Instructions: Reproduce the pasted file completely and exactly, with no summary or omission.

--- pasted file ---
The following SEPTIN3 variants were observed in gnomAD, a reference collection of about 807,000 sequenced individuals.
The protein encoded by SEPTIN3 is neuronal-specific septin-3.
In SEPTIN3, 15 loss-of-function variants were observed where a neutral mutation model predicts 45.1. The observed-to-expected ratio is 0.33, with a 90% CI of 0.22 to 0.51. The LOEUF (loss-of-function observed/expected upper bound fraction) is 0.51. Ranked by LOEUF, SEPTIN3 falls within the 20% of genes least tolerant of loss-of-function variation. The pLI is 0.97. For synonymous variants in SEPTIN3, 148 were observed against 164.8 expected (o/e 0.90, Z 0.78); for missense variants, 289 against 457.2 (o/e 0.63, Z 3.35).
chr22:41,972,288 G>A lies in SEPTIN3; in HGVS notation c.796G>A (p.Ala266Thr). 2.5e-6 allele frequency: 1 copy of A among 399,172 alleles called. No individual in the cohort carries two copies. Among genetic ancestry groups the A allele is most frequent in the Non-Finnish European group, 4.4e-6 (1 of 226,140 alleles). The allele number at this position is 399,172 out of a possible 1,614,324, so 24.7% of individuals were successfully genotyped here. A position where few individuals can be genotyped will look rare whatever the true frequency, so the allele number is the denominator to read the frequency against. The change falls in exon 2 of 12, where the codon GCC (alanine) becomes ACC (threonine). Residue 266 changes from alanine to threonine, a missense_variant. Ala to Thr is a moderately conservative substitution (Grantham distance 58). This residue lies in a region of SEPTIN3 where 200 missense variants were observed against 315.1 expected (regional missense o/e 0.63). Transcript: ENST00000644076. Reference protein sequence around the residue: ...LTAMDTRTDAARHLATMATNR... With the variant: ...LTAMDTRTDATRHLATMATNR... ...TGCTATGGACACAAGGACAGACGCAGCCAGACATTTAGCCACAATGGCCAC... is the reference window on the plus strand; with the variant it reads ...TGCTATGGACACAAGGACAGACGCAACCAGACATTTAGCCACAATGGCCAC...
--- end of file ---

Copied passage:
The following SEPTIN3 variants were observed in gnomAD, a reference collection of about 807,000 sequenced individuals.
The protein encoded by SEPTIN3 is neuronal-specific septin-3.
In SEPTIN3, 15 loss-of-function variants were observed where a neutral mutation model predicts 45.1. The observed-to-expected ratio is 0.33, with a 90% CI of 0.22 to 0.51. The LOEUF (loss-of-function observed/expected upper bound fraction) is 0.51. Ranked by LOEUF, SEPTIN3 falls within the 20% of genes least tolerant of loss-of-function variation. The pLI is 0.97. For synonymous variants in SEPTIN3, 148 were observed against 164.8 expected (o/e 0.90, Z 0.78); for missense variants, 289 against 457.2 (o/e 0.63, Z 3.35).
chr22:41,972,288 G>A lies in SEPTIN3; in HGVS notation c.796G>A (p.Ala266Thr). 2.5e-6 allele frequency: 1 copy of A among 399,172 alleles called. No individual in the cohort carries two copies. Among genetic ancestry groups the A allele is most frequent in the Non-Finnish European group, 4.4e-6 (1 of 226,140 alleles). The allele number at this position is 399,172 out of a possible 1,614,324, so 24.7% of individuals were successfully genotyped here. A position where few individuals can be genotyped will look rare whatever the true frequency, so the allele number is the denominator to read the frequency against. The change falls in exon 2 of 12, where the codon GCC (alanine) becomes ACC (threonine). Residue 266 changes from alanine to threonine, a missense_variant. Ala to Thr is a moderately conservative substitution (Grantham distance 58). This residue lies in a region of SEPTIN3 where 200 missense variants were observed against 315.1 expected (regional missense o/e 0.63). Transcript: ENST00000644076. Reference protein sequence around the residue: ...LTAMDTRTDAARHLATMATNR... With the variant: ...LTAMDTRTDATRHLATMATNR... ...TGCTATGGACACAAGGACAGACGCAGCCAGACATTTAGCCACAATGGCCAC... is the reference window on the plus strand; with the variant it reads ...TGCTATGGACACAAGGACAGACGCAACCAGACATTTAGCCACAATGGCCAC...